91% of login attempts on retail sites carried out by credential stuffing hackers
3 August 2018
Over 90 percent of login attempts on websites owned by online retailers are made by cyber criminals looking to gain access to loyalty points, offers, and deals made available by retailers for genuine customers.
Cyber criminals are using credentials stolen from data breaches on a large-scale to gain access to victims’ accounts with online retailers, airline companies, banks, and hotels in order to profit at the victims’ expense, security firm Shape Security’s 2018 Credential Spill Report has revealed.
‘Credential stuffing’ in full swing
As per the report, “credential stuffing” attacks, or login attempts made by fraudsters using stolen credentials, accounted for 91 percent of all login attempts on online retailers’ websites, 60 percent of all login attempts on airline companies’ websites, 58 percent of attempts on banking sites, and 44 percent of login attempts on websites owned by hotels.
Based on an analysis of 1.6 billion accounts, Shape Security found that well-planned and targeted credential stuffing attacks also cost organisations dear as about 3 percent of such attacks usually succeed. E-commerce retailers lose an average of $6 billion a year, banks lose $1.7 billion a year, and hotel and airline companies lose $700 million every year to credential stuffing attacks.
Such attacks are a direct fallout of massive data breaches suffered by large organisations on a regular basis. Data breaches compromise billions of email addresses and other personal details of consumers every year and such details are used by cyber criminals and fraudsters to commit identity fraud, credential stuffing, and phishing attacks on a large scale.
“Credential stuffing has become an increasingly popular attack vector powering a robust and complex criminal ecosystem. Data breaches have become pervasive over the last few years, but what most people don’t realize is the domino effect of damage that a single breach is capable of producing,” says Shuman Ghosemajumder, CTO of Shape Security.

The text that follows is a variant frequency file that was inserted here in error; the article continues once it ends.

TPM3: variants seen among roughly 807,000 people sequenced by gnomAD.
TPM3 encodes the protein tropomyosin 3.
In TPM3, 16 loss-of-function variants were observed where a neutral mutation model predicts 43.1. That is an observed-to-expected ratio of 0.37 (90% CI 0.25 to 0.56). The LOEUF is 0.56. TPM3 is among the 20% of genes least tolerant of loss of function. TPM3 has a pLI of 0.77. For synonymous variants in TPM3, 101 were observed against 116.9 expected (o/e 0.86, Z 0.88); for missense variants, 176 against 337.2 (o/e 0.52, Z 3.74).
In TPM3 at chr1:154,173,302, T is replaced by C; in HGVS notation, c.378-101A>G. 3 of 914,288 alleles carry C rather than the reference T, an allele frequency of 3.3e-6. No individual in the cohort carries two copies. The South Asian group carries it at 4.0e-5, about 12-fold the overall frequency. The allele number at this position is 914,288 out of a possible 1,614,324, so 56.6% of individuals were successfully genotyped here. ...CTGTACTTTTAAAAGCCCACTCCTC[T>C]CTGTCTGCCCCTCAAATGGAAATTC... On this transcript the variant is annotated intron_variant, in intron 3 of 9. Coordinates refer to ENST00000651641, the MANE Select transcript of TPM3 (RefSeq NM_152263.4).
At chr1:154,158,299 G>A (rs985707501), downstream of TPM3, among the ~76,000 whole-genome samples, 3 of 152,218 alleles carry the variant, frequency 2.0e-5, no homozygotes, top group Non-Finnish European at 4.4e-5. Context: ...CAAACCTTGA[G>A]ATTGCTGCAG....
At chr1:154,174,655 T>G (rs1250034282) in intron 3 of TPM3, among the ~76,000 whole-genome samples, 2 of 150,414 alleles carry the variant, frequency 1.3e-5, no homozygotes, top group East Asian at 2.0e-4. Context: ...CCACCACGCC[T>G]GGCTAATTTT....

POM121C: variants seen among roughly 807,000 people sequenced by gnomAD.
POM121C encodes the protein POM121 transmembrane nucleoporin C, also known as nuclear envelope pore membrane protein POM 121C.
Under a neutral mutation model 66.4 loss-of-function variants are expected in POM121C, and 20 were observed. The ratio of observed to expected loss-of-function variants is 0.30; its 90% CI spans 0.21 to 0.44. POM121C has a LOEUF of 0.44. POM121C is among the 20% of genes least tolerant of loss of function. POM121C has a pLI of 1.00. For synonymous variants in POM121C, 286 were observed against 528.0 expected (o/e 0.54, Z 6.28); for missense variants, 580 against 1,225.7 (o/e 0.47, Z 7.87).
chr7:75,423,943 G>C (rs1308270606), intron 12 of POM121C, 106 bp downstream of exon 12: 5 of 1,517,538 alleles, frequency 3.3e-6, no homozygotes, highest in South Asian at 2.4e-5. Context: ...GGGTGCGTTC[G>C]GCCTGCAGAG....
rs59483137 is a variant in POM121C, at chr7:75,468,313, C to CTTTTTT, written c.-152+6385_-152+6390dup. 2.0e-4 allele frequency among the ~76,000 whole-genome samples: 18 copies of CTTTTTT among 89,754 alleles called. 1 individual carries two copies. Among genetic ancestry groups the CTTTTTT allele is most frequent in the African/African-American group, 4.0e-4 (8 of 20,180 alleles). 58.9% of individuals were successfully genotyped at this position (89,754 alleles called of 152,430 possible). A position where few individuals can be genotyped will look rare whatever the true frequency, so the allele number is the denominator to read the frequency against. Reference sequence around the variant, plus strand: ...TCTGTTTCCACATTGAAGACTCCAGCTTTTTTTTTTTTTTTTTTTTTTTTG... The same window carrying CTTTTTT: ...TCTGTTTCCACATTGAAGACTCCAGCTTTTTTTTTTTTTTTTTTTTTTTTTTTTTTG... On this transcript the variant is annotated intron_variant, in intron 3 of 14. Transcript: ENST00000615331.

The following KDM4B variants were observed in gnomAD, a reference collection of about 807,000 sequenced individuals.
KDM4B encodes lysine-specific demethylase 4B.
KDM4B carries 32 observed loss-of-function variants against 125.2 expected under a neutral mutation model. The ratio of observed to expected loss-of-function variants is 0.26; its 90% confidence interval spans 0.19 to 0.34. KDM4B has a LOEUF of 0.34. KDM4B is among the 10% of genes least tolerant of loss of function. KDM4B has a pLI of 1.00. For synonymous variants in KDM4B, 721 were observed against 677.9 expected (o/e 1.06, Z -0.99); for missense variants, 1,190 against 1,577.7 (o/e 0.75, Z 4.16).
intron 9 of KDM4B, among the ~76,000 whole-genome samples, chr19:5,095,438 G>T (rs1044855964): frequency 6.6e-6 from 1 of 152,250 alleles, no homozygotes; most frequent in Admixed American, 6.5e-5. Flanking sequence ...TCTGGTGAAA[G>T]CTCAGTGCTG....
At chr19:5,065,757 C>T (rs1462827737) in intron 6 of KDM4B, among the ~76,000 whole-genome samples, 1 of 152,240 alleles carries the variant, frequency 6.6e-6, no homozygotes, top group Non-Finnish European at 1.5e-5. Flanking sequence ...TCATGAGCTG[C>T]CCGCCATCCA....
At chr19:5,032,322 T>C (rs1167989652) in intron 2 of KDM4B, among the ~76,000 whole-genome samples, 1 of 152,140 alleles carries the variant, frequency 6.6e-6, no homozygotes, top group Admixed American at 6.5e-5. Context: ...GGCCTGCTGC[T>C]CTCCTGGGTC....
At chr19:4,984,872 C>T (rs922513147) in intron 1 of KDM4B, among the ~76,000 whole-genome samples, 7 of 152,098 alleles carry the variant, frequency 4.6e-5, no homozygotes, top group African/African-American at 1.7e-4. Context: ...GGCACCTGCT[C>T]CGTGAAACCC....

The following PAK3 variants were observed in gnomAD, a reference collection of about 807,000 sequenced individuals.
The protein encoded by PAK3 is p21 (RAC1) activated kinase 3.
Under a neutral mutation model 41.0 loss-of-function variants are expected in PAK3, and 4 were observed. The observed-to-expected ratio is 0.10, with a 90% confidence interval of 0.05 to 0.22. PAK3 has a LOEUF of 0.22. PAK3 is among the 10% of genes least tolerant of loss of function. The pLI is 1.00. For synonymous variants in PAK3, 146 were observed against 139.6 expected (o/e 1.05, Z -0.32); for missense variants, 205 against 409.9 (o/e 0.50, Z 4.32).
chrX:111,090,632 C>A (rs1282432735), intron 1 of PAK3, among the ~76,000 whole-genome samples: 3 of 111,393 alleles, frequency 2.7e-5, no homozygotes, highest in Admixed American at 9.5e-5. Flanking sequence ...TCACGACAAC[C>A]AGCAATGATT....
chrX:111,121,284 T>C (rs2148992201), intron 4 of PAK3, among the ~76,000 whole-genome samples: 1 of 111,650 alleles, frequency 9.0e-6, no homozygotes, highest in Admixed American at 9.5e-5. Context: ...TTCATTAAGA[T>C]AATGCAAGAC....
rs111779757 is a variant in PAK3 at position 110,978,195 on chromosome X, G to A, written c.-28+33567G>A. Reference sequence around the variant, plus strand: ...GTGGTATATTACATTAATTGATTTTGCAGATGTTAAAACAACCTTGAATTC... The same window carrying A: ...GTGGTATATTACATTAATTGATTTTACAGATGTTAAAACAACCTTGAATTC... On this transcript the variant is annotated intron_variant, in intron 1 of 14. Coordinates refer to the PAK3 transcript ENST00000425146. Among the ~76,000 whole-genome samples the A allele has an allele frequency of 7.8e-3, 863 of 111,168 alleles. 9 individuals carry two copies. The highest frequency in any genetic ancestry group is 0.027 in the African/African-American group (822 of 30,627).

“To fight back, organisations have started banding together to build a collective defense to be alerted when credentials stolen from one breach are being used to log in to another, effectively blocking attackers attempting to access their platforms with compromised credentials,” he adds.
Considering that credential stuffing attacks result in financial gain, cyber criminals have a great incentive to regularly target enterprise systems and employees to gain access to as much customer data as possible, a reality that has forced many countries to bring in tough data protection laws to force firms to strengthen their data handling practices.
According to Shape Security, web forums suffered as many as 13 credential data breaches in 2017, followed by 11 suffered by online services, 7 suffered by social media companies, 4 suffered by gaming companies, and 4 by major retailers. Curiously, while adult and porn websites suffered 10 credential breaches in 2016, they suffered none last year.
15 months to detect data breaches
In all, over 2.3 billion usernames and passwords were stolen by cyber criminals from 51 organisations in 2017, costing the US consumer banking industry nearly $50 million per day. Considering that it takes an average of 15 months for organisations to discover credential breaches, criminals get enough time to monetise their account takeovers.
For instance, hackers gained unauthorised access to Rail Europe North America’s e-commerce website and for three straight months, feasted on sensitive customer data such as name, gender, delivery address, invoicing address, telephone number, email address, credit/debit card number, expiration date and CVV of customers. The breach was finally plugged after the firm was alerted about a possible breach by one of its banks.
Similarly, hackers stole a treasure trove of customer data from September 29 to December 29 in 2016 after they hacked into InterContinental Hotels Group’s servers. Just like Rail Europe, IHG learned about the breach after it was alerted about it by one of its card providers.
Unless organisations adopt new security solutions that can help them detect breaches and unwanted intrusions in enterprise systems quickly, they will continue to lose large amounts of customer data which will, in turn, be used by criminals to carry out credential stuffing attacks, thereby inflicting further losses on enterprises.